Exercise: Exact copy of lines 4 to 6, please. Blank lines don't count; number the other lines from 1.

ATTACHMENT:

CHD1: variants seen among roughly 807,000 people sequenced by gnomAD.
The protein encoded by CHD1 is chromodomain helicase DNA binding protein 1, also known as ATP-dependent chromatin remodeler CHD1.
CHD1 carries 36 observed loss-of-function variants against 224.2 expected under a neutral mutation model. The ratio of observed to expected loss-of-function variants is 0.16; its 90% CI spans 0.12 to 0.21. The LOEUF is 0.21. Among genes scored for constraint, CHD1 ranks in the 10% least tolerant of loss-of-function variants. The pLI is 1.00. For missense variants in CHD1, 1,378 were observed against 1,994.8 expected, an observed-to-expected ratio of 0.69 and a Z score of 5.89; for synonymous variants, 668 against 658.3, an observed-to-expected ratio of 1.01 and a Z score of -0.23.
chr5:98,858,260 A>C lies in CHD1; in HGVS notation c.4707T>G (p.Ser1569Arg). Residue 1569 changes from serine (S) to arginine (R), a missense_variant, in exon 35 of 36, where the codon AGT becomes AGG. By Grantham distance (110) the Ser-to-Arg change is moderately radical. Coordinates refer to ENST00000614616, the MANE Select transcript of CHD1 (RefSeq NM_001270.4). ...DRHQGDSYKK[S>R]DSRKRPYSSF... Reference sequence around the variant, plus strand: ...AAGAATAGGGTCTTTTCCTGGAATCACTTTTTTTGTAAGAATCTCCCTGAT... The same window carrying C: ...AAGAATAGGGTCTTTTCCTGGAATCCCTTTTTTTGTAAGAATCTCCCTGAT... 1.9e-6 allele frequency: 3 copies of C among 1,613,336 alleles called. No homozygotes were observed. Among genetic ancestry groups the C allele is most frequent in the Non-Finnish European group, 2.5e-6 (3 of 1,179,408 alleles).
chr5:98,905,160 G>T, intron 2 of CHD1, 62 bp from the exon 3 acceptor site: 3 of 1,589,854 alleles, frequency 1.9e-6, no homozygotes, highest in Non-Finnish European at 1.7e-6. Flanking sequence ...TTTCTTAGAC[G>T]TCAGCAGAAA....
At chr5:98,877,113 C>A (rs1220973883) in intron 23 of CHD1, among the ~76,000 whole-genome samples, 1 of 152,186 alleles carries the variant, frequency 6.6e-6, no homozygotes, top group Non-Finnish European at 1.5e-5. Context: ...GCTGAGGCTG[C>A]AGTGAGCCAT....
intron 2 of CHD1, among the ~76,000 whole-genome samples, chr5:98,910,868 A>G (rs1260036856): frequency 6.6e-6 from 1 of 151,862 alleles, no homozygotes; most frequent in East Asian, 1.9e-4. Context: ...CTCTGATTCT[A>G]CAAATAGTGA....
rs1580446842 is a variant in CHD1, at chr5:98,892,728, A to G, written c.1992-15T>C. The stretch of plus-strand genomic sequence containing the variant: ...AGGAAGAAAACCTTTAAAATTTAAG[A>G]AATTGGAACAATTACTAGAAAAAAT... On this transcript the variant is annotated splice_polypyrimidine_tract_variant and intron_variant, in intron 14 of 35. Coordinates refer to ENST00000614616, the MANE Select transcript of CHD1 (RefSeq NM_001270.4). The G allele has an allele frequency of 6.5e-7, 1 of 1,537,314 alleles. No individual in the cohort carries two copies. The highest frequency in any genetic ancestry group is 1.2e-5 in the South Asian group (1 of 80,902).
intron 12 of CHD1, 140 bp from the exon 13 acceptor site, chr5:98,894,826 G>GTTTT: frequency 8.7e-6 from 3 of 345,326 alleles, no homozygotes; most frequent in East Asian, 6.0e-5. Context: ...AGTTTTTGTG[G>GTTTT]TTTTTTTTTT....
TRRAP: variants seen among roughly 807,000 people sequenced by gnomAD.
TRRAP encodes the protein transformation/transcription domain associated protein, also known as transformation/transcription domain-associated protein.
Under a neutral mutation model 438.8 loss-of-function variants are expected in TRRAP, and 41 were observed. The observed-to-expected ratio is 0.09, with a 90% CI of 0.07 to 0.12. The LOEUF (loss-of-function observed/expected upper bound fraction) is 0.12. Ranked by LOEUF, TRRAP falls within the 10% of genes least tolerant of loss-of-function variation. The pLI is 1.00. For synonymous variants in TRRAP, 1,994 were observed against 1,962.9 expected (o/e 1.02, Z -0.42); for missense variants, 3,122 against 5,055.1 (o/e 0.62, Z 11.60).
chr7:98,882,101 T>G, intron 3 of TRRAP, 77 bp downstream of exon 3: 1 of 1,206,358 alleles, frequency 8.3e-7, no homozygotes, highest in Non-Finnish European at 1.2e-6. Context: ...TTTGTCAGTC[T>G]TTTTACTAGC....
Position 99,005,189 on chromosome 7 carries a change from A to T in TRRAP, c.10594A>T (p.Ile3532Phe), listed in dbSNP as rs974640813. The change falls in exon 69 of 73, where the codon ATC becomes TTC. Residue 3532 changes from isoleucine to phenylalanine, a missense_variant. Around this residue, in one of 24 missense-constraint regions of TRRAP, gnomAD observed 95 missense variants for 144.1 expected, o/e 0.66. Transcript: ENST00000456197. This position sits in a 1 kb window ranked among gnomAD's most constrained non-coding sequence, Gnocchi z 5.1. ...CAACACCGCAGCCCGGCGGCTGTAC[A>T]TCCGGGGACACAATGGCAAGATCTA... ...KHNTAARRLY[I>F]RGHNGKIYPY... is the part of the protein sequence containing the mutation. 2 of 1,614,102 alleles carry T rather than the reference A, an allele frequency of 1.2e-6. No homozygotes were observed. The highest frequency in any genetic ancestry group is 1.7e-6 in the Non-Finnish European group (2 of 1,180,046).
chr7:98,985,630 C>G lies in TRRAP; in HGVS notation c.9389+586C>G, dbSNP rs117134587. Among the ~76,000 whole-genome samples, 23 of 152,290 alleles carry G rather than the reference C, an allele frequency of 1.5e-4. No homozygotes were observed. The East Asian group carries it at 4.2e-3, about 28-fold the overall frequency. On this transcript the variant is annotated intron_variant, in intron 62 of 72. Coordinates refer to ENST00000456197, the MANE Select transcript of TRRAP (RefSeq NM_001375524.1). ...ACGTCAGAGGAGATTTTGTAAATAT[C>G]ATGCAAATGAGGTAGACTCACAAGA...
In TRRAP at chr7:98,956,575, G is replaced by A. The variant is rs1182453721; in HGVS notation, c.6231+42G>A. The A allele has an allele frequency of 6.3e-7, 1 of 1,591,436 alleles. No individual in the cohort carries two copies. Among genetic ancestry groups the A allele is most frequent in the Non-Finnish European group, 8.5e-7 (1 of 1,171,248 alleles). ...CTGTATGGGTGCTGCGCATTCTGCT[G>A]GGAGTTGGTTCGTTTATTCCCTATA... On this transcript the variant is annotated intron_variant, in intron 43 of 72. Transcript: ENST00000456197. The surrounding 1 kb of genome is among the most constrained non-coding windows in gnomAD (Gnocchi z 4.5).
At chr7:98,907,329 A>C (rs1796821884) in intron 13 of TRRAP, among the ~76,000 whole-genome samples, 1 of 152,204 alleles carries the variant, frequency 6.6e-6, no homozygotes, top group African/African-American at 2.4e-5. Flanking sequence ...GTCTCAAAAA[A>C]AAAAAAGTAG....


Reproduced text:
chr5:98,858,260 A>C lies in CHD1; in HGVS notation c.4707T>G (p.Ser1569Arg). Residue 1569 changes from serine (S) to arginine (R), a missense_variant, in exon 35 of 36, where the codon AGT becomes AGG. By Grantham distance (110) the Ser-to-Arg change is moderately radical. Coordinates refer to ENST00000614616, the MANE Select transcript of CHD1 (RefSeq NM_001270.4). ...DRHQGDSYKK[S>R]DSRKRPYSSF... Reference sequence around the variant, plus strand: ...AAGAATAGGGTCTTTTCCTGGAATCACTTTTTTTGTAAGAATCTCCCTGAT... The same window carrying C: ...AAGAATAGGGTCTTTTCCTGGAATCCCTTTTTTTGTAAGAATCTCCCTGAT... 1.9e-6 allele frequency: 3 copies of C among 1,613,336 alleles called. No homozygotes were observed. Among genetic ancestry groups the C allele is most frequent in the Non-Finnish European group, 2.5e-6 (3 of 1,179,408 alleles).
chr5:98,905,160 G>T, intron 2 of CHD1, 62 bp from the exon 3 acceptor site: 3 of 1,589,854 alleles, frequency 1.9e-6, no homozygotes, highest in Non-Finnish European at 1.7e-6. Flanking sequence ...TTTCTTAGAC[G>T]TCAGCAGAAA....
At chr5:98,877,113 C>A (rs1220973883) in intron 23 of CHD1, among the ~76,000 whole-genome samples, 1 of 152,186 alleles carries the variant, frequency 6.6e-6, no homozygotes, top group Non-Finnish European at 1.5e-5. Context: ...GCTGAGGCTG[C>A]AGTGAGCCAT....